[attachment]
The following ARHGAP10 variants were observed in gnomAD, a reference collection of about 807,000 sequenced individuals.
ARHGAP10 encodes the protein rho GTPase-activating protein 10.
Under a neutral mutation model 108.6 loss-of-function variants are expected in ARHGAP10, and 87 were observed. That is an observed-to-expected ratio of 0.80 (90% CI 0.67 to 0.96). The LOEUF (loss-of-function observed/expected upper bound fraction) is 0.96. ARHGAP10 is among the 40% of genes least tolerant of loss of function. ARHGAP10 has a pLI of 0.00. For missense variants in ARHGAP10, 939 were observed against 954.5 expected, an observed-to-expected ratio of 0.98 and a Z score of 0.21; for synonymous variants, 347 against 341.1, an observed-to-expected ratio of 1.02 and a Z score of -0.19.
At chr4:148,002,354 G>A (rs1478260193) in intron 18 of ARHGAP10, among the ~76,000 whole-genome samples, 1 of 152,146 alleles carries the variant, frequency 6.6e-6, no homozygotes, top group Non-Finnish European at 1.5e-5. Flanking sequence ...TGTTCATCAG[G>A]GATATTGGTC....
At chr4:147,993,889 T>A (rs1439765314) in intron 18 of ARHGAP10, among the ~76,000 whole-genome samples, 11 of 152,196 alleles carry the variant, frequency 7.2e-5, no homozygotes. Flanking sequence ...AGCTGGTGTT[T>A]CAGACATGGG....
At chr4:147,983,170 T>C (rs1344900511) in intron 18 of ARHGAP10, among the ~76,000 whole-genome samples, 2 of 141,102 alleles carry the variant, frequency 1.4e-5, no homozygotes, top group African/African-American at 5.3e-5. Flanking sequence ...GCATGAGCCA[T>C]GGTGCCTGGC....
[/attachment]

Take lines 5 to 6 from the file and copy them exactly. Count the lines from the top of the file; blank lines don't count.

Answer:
At chr4:147,993,889 T>A (rs1439765314) in intron 18 of ARHGAP10, among the ~76,000 whole-genome samples, 11 of 152,196 alleles carry the variant, frequency 7.2e-5, no homozygotes. Flanking sequence ...AGCTGGTGTT[T>A]CAGACATGGG....
At chr4:147,983,170 T>C (rs1344900511) in intron 18 of ARHGAP10, among the ~76,000 whole-genome samples, 2 of 141,102 alleles carry the variant, frequency 1.4e-5, no homozygotes, top group African/African-American at 5.3e-5. Flanking sequence ...GCATGAGCCA[T>C]GGTGCCTGGC....